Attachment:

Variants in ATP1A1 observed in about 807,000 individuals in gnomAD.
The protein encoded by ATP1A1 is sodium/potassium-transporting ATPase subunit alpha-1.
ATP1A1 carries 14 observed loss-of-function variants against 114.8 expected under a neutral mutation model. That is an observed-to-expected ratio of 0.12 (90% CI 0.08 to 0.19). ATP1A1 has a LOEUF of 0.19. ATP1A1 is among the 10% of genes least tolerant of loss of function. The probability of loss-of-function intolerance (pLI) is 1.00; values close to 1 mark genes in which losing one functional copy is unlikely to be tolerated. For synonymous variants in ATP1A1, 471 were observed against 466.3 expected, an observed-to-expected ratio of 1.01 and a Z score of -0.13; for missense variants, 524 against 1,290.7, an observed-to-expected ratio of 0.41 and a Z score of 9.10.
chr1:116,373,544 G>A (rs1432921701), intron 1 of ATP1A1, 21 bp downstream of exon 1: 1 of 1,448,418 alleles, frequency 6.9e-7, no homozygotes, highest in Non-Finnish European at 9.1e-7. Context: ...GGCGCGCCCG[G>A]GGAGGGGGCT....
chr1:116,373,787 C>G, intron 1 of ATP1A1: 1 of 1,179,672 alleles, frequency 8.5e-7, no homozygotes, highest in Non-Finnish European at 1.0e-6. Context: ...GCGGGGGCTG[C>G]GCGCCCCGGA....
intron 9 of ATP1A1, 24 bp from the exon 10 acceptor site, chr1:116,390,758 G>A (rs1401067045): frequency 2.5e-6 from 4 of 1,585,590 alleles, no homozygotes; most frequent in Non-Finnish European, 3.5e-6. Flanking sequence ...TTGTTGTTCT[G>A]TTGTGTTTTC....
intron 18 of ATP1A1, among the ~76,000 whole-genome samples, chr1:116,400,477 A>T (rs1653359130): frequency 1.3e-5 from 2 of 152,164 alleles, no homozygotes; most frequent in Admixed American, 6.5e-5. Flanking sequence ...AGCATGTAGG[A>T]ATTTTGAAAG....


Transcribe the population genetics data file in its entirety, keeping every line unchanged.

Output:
Variants in ATP1A1 observed in about 807,000 individuals in gnomAD.
The protein encoded by ATP1A1 is sodium/potassium-transporting ATPase subunit alpha-1.
ATP1A1 carries 14 observed loss-of-function variants against 114.8 expected under a neutral mutation model. That is an observed-to-expected ratio of 0.12 (90% CI 0.08 to 0.19). ATP1A1 has a LOEUF of 0.19. ATP1A1 is among the 10% of genes least tolerant of loss of function. The probability of loss-of-function intolerance (pLI) is 1.00; values close to 1 mark genes in which losing one functional copy is unlikely to be tolerated. For synonymous variants in ATP1A1, 471 were observed against 466.3 expected, an observed-to-expected ratio of 1.01 and a Z score of -0.13; for missense variants, 524 against 1,290.7, an observed-to-expected ratio of 0.41 and a Z score of 9.10.
chr1:116,373,544 G>A (rs1432921701), intron 1 of ATP1A1, 21 bp downstream of exon 1: 1 of 1,448,418 alleles, frequency 6.9e-7, no homozygotes, highest in Non-Finnish European at 9.1e-7. Context: ...GGCGCGCCCG[G>A]GGAGGGGGCT....
chr1:116,373,787 C>G, intron 1 of ATP1A1: 1 of 1,179,672 alleles, frequency 8.5e-7, no homozygotes, highest in Non-Finnish European at 1.0e-6. Context: ...GCGGGGGCTG[C>G]GCGCCCCGGA....
intron 9 of ATP1A1, 24 bp from the exon 10 acceptor site, chr1:116,390,758 G>A (rs1401067045): frequency 2.5e-6 from 4 of 1,585,590 alleles, no homozygotes; most frequent in Non-Finnish European, 3.5e-6. Flanking sequence ...TTGTTGTTCT[G>A]TTGTGTTTTC....
intron 18 of ATP1A1, among the ~76,000 whole-genome samples, chr1:116,400,477 A>T (rs1653359130): frequency 1.3e-5 from 2 of 152,164 alleles, no homozygotes; most frequent in Admixed American, 6.5e-5. Flanking sequence ...AGCATGTAGG[A>T]ATTTTGAAAG....